“I don’t see why anyone would be for (the new league),” McIlroy said in May 2021, after learning of the $30-50 million offers. The PGA Tour has remained staunch in its approach, forming a “strategic alliance” with the European Tour to resist any competing leagues. Commissioner Jay Monahan drew a line in the sand in a meeting with players that same month, with various sources informing Golfweek’s Eamon Lynch that leaving the PGA Tour for the new league would result in an automatic suspension and perhaps a lifetime ban.
PGA Tour defectors will also be forbidden from competing in the annual Ryder Cup against Europe, according to PGA of America CEO Seth Waugh.
“If someone wants to play in a Ryder Cup for the United States, they have to be a member of the PGA of America, which they obtain by being a member of the Tour,” Waugh remarked in May. “I believe the Europeans feel the same way, and I’m not sure we can be more clearer than that.” We don’t expect it to change.”
The PGA Tour also launched the Player Impact Program, a $40 million bonus pool designed to reward players who encourage fan and sponsor engagement, as a direct response to competing golf leagues. The pool was increased to $50 million in 2022. The prize pool for the Comcast Business Tour Exceptional 10—which rewards top performers at the end of the regular season and before the FedEx Cup playoffs—will be doubled to $20 million. The Tour has also devised a new bonus plan that will benefit the majority of participants. Every player who makes at least 15 starts will get $50,000 as part of the Play15 initiative.
Following Mickelson’s contentious comments that the Saudis are “dangerous motherf—–s to get involved with,” Tiger Woods, Collin Morikawa, Justin Thomas, Rahm, McIlroy, and others have all publicly defended the Tour, with Johnson and DeChambeau following suit.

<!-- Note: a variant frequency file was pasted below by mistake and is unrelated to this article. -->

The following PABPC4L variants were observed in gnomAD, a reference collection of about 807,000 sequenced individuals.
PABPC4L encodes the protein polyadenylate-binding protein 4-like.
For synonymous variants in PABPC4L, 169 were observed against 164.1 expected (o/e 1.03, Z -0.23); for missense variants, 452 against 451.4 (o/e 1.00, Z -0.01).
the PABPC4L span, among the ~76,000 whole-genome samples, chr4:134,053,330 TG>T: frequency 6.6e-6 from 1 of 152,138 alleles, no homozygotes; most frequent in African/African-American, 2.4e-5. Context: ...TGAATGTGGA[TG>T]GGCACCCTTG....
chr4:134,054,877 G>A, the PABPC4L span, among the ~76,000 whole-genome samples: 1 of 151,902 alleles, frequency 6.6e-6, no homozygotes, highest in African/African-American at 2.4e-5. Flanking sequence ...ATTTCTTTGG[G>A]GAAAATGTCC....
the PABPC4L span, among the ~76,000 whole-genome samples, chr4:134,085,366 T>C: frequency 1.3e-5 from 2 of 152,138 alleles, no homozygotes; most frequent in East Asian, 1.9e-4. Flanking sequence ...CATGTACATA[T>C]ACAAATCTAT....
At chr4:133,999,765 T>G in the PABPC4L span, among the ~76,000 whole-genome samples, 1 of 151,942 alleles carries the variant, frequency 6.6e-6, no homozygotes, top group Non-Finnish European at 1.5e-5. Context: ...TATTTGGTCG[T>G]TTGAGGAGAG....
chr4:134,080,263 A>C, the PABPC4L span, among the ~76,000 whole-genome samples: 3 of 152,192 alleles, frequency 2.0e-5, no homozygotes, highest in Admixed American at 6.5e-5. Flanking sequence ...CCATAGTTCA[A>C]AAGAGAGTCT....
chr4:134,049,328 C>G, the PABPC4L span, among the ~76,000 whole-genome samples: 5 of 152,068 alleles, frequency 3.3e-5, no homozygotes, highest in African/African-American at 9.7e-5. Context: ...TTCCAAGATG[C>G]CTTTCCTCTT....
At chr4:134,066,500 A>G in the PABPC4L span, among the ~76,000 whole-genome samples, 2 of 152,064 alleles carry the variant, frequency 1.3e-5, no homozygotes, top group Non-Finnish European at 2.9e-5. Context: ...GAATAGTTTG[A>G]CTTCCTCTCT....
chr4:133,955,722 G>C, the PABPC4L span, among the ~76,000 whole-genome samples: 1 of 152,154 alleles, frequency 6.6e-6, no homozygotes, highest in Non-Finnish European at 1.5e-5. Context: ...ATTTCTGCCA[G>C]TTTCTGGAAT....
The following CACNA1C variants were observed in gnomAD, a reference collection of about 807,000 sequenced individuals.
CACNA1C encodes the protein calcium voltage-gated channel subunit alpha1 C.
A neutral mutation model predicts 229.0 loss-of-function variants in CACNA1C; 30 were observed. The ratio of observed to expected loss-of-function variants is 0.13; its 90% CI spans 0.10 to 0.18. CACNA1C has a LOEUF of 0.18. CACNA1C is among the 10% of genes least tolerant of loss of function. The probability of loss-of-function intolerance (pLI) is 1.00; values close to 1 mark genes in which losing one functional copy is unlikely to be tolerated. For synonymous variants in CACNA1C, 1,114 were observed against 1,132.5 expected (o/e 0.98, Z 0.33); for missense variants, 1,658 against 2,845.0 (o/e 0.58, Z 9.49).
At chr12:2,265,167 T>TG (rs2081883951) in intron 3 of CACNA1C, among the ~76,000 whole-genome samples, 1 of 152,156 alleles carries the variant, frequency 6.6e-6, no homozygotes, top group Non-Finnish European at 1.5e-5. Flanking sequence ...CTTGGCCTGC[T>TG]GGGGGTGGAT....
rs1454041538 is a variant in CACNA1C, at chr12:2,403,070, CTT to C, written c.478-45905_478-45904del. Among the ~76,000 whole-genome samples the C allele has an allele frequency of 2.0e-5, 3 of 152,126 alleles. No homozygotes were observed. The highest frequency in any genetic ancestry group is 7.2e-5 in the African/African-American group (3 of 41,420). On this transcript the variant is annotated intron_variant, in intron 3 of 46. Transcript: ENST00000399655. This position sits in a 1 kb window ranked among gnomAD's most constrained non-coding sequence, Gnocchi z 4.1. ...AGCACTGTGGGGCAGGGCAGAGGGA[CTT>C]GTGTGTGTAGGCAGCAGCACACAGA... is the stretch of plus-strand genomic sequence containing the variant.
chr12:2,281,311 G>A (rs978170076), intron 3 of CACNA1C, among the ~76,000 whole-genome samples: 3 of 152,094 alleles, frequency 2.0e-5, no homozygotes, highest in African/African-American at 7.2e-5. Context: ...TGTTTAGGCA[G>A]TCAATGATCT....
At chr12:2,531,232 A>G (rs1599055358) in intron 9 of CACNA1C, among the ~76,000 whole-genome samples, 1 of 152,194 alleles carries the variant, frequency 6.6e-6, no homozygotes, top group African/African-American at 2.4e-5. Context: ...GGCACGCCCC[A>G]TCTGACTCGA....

What’s the deal with Greg Norman?
This isn’t the Shark’s first foray into a rival golf league’s waters.
Norman, a two-time major champion and World Golf Hall of Famer who won 20 times on the PGA Tour and 14 times on the European Tour, tried unsuccessfully in 1994 to establish the World Golf Tour. Tim Finchem, then-Tour commissioner, turned down the two-time British Open champion’s bid, but three years later, in 1997, he announced the World Golf Championships.
In November, Golfweek reported on the PGA Tour’s plans to develop a series of lucrative foreign tournaments with guaranteed prize money for the world’s best players.
What comes next?
“Who’s left?” McIlroy posed the question we’re all thinking. “Who’s the last one to leave?”
With the support of the game’s greatest names, the SGL has little to no momentum and will have to sway mid-tier to older Tour players, or recruit from the Korn Ferry, Asian, and DP World circuits.
No Laying Up revealed in October that the 12-event league was looking into a few Donald Trump courses, including Doral and Bedminster, for a spring 2022 debut. “At least two of Trump’s courses in Bedminster, N.J., and Doral, Fla., might be named as destinations for the nascent tour,” according to sources involved with the conversations, who, like others, asked anonymity to disclose internal deliberations. Officials from LIV Golf Investments, the Saudi-funded organization that hosts the tour, have spoken with the Trump Organization, according to these sources.”
While McIlroy declared the league “dead in the water,” it may be a little early.
Norman went on the attack on Tuesday, claiming in a memo that the PGA Tour engaged in “egregious acts of bullying” and that the Tour is unable to legally prohibit players from competing in the Super Golf League.
To help get the league off the ground, LIV Golf has enlisted the support of a number of industry executives, as well as a longtime PGA Tour rules official. There may still be more to come with almost limitless riches at their disposal – even Koepka believes someone will “sell out” –